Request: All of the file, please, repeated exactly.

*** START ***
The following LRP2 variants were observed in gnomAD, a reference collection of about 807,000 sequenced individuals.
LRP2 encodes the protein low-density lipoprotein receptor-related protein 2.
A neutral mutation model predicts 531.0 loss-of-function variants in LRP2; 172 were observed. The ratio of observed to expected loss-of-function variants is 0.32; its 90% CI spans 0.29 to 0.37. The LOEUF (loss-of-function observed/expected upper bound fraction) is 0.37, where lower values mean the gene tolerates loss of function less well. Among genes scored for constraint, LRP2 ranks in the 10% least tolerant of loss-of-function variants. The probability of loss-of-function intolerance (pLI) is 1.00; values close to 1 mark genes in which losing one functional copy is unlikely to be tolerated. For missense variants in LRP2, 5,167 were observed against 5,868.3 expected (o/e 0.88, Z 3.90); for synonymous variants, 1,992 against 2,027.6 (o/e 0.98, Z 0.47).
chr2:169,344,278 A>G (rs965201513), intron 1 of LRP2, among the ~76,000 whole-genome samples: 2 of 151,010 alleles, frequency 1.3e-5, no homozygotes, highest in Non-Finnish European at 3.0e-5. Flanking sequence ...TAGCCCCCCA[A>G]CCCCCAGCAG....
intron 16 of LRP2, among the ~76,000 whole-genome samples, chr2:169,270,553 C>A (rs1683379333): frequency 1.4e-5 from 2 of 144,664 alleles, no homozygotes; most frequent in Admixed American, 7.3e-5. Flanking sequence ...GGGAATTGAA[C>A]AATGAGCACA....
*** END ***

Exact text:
The following LRP2 variants were observed in gnomAD, a reference collection of about 807,000 sequenced individuals.
LRP2 encodes the protein low-density lipoprotein receptor-related protein 2.
A neutral mutation model predicts 531.0 loss-of-function variants in LRP2; 172 were observed. The ratio of observed to expected loss-of-function variants is 0.32; its 90% CI spans 0.29 to 0.37. The LOEUF (loss-of-function observed/expected upper bound fraction) is 0.37, where lower values mean the gene tolerates loss of function less well. Among genes scored for constraint, LRP2 ranks in the 10% least tolerant of loss-of-function variants. The probability of loss-of-function intolerance (pLI) is 1.00; values close to 1 mark genes in which losing one functional copy is unlikely to be tolerated. For missense variants in LRP2, 5,167 were observed against 5,868.3 expected (o/e 0.88, Z 3.90); for synonymous variants, 1,992 against 2,027.6 (o/e 0.98, Z 0.47).
chr2:169,344,278 A>G (rs965201513), intron 1 of LRP2, among the ~76,000 whole-genome samples: 2 of 151,010 alleles, frequency 1.3e-5, no homozygotes, highest in Non-Finnish European at 3.0e-5. Flanking sequence ...TAGCCCCCCA[A>G]CCCCCAGCAG....
intron 16 of LRP2, among the ~76,000 whole-genome samples, chr2:169,270,553 C>A (rs1683379333): frequency 1.4e-5 from 2 of 144,664 alleles, no homozygotes; most frequent in Admixed American, 7.3e-5. Flanking sequence ...GGGAATTGAA[C>A]AATGAGCACA....